Tomorrow is America’s birthday. For some it’s a day to wear red, white, and blue, a day to gather on the picnic blankets and watch the fireworks. It’s a day to celebrate freedom. For others it’s none of those things. Their country has disappointed them. They feel let down.┬áIt’s hard to celebrate freedom when you don’t feel free to live.

As a kid I remember watching the fireworks. I gazed at the sky as my eight year old eyes filled with hope and wonder. I believed I really did live in the greatest country in the world. As I grew up I came to discover most people are proud of their roots, their heritage- after all, where we are born is not something any of us have control over. I also came to understand that the greatest country to be in is the one God has you in or called you to.

The awe of American greatness I once had as a child has been replaced with the realization that it is God who is great, He comes first. Whenever I put anything or anyone in place of God, things didn’t go well. I believe that even applies to country.

After all, Jesus came for people, not nations.
Jesus died for our sins, not our rights.

No matter what country you live in, you are free in Christ Jesus. No one can take that freedom away from you- President Trump can’t, a political party can’t, not even ISIS.

A few weeks ago our family went to see Wonder Woman. I must admit, I didn’t know much about the movie going in. I wear a Wonder Woman t-shirt when I run, but that’s about as far as it goes. However, I loved the movie! I particularly loved the WWI history weaved into the storyline. It helped satisfy the realist in me.

More than the beautiful imagery and girl power, I loved the way Diana’s character thought and how her beliefs influenced her actions. She believed her mission was to rescue and help save those who were in need. When there is trouble, you run to the problem, not away from it. When someone is suffering, you go help, no question. The conviction and courage she displayed was powerful and such a great example of how we should live. It’s hard not to be inspired by bravery. Stories like that make me come alive.

Most of the people I know who share genuine love for America do so because of stories of courage, sacrifice, and bravery. Some have loved ones who died for freedom, others know some. When I hear and read those kinds of patriotic stories of courage and bravery, something in me leaps. Those are the examples I could point to that make this country a great place to live. Knowing we have privileges and freedom because of the sacrifice of others- it’s hard not to be proud of that.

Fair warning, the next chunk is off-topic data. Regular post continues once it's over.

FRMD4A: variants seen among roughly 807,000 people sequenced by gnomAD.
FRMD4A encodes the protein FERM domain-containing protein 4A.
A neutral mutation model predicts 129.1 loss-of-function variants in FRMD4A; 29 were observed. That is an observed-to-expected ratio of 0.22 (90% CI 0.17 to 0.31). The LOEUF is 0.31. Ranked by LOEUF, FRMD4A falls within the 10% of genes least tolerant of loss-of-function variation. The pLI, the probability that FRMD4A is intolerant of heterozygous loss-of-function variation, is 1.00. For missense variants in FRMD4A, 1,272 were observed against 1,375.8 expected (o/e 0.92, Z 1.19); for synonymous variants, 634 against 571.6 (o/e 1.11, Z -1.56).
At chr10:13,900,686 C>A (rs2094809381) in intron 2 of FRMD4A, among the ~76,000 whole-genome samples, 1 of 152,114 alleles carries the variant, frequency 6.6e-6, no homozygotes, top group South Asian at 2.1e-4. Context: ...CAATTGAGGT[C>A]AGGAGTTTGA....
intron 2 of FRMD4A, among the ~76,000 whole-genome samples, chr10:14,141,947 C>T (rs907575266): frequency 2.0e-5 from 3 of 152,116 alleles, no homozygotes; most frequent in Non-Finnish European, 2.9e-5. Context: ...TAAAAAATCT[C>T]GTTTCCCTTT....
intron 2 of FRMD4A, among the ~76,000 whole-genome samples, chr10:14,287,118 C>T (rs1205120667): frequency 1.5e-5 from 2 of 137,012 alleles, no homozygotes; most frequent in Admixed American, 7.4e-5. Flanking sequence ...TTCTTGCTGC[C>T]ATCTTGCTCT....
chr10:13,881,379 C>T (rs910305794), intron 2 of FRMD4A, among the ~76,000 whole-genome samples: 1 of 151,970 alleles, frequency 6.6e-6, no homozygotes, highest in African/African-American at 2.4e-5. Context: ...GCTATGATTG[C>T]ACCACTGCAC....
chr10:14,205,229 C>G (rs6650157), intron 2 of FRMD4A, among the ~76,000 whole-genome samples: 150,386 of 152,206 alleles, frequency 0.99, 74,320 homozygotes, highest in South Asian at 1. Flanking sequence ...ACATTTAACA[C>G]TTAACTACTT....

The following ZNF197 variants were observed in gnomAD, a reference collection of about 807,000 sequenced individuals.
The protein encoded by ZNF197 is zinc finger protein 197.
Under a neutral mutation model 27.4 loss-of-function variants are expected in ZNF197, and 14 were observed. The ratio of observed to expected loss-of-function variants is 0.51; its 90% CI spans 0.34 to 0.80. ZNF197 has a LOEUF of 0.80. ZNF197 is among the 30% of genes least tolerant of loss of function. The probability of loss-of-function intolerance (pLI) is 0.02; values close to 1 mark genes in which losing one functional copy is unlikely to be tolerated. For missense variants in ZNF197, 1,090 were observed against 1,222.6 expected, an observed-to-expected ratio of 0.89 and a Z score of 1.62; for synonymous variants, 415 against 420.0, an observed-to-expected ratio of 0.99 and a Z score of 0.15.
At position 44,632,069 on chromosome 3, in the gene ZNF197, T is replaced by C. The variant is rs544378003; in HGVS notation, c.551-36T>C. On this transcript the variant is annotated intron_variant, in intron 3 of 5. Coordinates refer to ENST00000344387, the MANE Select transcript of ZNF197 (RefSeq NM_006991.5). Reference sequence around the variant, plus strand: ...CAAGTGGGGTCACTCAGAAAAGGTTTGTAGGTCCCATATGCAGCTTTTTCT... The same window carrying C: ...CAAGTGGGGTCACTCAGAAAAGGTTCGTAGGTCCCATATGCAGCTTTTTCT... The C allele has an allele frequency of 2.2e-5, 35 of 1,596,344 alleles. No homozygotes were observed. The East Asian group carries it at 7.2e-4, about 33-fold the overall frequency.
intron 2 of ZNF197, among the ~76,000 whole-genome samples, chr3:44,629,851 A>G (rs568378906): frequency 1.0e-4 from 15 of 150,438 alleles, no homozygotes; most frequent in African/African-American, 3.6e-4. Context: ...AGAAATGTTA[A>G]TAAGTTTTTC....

But I wonder if we are moved by those stories because they are American stories or if it’s because they are human stories. When we move away from self-centeredness, bravery and courage is something all of us are capable of. We can love the superheroes, but let’s not forget, they don’t exist. (I have to continually remind my kids of that.) Don’t wait for Superman or Wonder Woman to come do what God has called you to do. Ever notice that in all of the superhero stories, the hero is the least selfish, the villain is the most selfish?

No matter our nationality, as Christians, we are the ones called to the battle fields of life. We are the ones with the potential to be heroes- whether that’s in our family, our workplace, or our government. But we don’t do it on our own. It’s God who gives us the strength to become supernatural. Whenever we forget this, we stop being brave and we start being consumed with ourselves. We stop being courageous and start demanding more in return.

So whether you are relishing the celebration tomorrow or reluctant, look for ways to be brave. You just may be the superhero bringing freedom to someone who is suffering today.

 

 

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